Following the shooting of Republican Congressman Steve Scalise and others at baseball practice by a person who is believed to have had a political motivation, the debate about political rhetoric was resurrected. Jay and Neal spoke with Editor-In-Chief of The Daily Wire Ben Shapiro about that issue as well as political tribalism and the lunacy of so-called “conservatives” acting out like leftists because it’s “war.”

If you’ve been following the Trump/Russia/Comey/Mueller situation and you’re not an attorney, you might find it difficult to understand what’s going on. Conflict of interest, obstruction of justice, abuse of power, impeachment … you likely know what all of that is, but what about the particulars? Bradley Moss of the Law Office of Mark Zaid specializes in litigation on matters relating to national security, federal employment, and security clearance law, as well as the Freedom of Information Act/Privacy Act. He joins Jay and Neal to give an overview of all these issues and what it means going forward.

What is it like to the White House correspondent for a major newspaper, especially in the age of Donald Trump? Reporter Maggie Haberman’s experience goes to a time long before the 2016 election, familiar with the President since her days at the NY Daily News and the NY Post before she made her move to Politico in 2010.

Maggie talks to Jay and Neal about her experience as a reporter, her process when putting together a feature, and what it’s like to cover Washington while working out of New York.

Have you heard the phrase “adulting?” People talk about regarding doing things people in the past never really thought about much. They just did it. Paying bills, filling the car up with gas, voting, etc.

Senator Ben Sasse of Nebraska discusses that in his book, The Vanishing American Adult: Our Coming-of-Age Crisis And How to Rebuild a Culture of Self-Reliance. The book does not serve as a blueprint for taking your kids from adolescence into adulthood but instead, Sasse tells the story of how and his wife are doing it raising their kids. He also talks about the value of hard work, the ways in which he thinks education should change and what it means to be “literate” beyond functional literacy.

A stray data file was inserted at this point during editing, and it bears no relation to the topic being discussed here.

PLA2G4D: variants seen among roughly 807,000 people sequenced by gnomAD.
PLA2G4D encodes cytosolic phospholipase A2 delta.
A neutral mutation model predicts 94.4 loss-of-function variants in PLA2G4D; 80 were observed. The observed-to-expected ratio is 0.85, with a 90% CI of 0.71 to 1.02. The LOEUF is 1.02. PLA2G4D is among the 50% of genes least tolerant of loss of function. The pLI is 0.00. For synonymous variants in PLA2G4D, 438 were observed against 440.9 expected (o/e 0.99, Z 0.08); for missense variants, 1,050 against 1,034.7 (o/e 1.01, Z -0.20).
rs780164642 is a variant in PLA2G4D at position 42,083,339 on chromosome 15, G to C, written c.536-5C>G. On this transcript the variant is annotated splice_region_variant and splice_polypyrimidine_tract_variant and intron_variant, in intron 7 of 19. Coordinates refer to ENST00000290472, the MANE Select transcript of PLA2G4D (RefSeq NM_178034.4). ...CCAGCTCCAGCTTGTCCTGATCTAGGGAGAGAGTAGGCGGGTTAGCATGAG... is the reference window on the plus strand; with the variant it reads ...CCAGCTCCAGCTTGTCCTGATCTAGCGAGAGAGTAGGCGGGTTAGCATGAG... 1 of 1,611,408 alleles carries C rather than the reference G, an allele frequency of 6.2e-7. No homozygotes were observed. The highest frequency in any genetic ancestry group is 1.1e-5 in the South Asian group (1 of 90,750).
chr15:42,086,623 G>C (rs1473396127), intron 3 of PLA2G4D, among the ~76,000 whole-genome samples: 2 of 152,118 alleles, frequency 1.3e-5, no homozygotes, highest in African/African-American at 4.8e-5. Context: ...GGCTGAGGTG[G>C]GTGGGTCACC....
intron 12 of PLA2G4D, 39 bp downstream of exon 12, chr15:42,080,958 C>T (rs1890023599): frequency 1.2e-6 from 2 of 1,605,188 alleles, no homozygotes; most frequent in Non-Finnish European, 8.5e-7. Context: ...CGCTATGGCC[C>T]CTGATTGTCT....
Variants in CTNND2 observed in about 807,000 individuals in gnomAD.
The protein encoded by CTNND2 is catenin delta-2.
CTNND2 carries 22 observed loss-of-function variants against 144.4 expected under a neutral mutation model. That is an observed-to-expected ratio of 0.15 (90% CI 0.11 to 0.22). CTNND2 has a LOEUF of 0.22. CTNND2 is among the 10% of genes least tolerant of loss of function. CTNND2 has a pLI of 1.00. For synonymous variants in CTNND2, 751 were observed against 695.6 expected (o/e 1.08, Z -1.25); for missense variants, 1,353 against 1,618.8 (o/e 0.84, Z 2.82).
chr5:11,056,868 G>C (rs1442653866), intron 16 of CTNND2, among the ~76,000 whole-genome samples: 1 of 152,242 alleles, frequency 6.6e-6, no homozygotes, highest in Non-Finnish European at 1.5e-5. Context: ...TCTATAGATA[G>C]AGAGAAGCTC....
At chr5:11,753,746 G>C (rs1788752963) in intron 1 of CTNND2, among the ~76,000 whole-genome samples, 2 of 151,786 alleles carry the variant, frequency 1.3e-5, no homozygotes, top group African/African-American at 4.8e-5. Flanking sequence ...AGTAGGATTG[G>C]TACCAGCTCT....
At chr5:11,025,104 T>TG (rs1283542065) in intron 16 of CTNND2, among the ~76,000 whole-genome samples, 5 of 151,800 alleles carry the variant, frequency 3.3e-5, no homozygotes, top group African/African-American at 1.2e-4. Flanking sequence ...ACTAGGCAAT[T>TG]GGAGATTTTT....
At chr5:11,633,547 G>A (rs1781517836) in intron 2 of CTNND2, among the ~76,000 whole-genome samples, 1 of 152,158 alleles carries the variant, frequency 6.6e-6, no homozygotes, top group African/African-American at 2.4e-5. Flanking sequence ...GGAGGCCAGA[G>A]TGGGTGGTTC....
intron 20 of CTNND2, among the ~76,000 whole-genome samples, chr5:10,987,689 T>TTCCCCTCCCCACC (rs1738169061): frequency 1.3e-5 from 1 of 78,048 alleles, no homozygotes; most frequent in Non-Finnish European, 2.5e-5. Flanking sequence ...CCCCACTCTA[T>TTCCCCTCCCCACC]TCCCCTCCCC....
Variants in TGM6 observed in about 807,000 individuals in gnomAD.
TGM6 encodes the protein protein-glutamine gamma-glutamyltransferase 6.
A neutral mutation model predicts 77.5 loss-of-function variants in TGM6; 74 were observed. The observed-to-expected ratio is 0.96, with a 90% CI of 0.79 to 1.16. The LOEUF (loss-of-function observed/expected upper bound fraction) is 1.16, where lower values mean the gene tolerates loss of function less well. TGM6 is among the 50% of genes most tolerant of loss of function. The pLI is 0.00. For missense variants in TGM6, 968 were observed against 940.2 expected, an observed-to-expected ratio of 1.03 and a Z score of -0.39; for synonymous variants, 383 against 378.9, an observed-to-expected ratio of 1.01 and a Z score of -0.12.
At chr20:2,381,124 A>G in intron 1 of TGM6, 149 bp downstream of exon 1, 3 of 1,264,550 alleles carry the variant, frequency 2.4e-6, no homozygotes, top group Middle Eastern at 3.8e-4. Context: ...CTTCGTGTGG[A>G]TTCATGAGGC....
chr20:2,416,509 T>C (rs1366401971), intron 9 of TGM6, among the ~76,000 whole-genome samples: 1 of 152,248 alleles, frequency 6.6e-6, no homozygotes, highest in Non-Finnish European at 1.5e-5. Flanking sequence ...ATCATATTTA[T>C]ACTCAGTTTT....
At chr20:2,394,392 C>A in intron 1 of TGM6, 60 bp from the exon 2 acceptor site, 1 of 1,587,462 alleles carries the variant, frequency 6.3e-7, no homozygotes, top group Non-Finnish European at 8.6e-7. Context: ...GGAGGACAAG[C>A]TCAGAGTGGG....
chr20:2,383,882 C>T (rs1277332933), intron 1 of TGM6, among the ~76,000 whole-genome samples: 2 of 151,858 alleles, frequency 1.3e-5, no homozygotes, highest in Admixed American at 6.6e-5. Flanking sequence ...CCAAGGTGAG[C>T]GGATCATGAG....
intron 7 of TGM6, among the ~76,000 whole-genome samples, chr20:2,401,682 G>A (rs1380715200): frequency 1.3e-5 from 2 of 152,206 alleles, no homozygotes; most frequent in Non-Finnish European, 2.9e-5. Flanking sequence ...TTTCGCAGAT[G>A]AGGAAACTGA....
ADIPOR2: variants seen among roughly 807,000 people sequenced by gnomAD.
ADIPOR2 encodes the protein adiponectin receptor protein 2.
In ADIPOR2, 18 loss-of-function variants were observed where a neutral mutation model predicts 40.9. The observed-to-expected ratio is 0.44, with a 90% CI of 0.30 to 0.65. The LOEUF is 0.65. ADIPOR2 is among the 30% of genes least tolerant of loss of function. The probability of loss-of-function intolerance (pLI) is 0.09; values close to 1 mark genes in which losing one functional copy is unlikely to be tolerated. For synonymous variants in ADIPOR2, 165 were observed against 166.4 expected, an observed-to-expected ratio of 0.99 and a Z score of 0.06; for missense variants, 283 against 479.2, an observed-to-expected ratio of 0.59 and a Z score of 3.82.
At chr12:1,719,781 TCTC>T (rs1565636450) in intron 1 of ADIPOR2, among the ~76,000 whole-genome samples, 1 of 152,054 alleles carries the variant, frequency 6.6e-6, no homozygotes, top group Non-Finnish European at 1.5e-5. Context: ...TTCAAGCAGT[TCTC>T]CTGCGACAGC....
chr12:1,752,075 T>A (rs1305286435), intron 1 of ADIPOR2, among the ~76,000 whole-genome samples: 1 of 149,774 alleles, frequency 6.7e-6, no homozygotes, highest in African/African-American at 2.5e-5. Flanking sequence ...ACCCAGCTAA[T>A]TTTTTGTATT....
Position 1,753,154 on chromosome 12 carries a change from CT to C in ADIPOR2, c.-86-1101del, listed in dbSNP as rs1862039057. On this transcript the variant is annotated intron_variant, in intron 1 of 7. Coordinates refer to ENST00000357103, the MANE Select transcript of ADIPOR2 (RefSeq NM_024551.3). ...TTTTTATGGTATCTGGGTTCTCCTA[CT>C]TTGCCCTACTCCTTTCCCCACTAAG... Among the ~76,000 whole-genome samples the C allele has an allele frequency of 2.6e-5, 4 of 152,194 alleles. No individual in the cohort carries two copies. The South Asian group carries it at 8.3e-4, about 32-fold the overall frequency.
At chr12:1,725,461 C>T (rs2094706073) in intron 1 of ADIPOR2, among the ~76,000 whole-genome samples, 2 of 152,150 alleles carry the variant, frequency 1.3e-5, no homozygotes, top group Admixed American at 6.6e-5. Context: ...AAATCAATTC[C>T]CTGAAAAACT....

There’s been a lot of talk about anonymous sources in journalism in the first four months of the Trump administration. The problem is, not a lot of people know precisely how they’re used and why journalists use them. Reporter Glenn Thrush of the New York Times joined Jay and Neal to talk about the subject. They ask Glenn about anonymous sources, why they’re used, the process behind cultivating them and how to deal with the pressure to reveal them.

It’s a very informative episode and some of what Glenn says will surprise you!

Where are you on the Trump spectrum? Are you a Trump supporter with him from the start? Are you a Trump skeptic, willing to give him credit when it is due but not afraid to criticize? Or are you pro-Trump and more bound to defend him when criticized? Jay and Neal welcome Noah Rothman of Commentary Magazine to discuss these factions and also his current piece, How to Be a Conservative in the Age of Trump. The guys discuss all of that as well as the critical question of whether Seinfeld is overrated or not.

Donald Trump fired James Comey this week and it set the political world ablaze. Jay and Neal invited GOP strategist and columnist for The Daily Beast to talk about what happened, why it happened and what is going to happen next.

You’ve probably read stories by embedded reporters and have a general understanding of what they do. But what about their stories? What is like to be an embedded reporter? How do they get treated by Marines? What are the locals like? How does it feel to be in life and death situations?

Dan Lamothe of the Washington Post is the guest to answer those questions. He’s been embedded with troops in Afghanistan on more than one occasion and has some interesting stories to tell.

Does the media bubble exist? According to an investigation by Politico, it does and it’s worse than people thought. Jay and Neal invited journalist Erica Grieder, formerly of Texas Monthly, to discuss the issue in depth, to find out if the media can change, and what the news consumer can do to make things different.

Do you read The Federalist? Write there? Did you ever wonder how it started? How he cobbled his team together? Then you will want to listen to this episode. Ben Domenech talks about the ups and downs of publishing The Federalist including how he deals with the criticism. He also talks about his approach to publishing articles about Donald Trump.

Of course, Ben weighs in on the ever-important Seinfeld debate.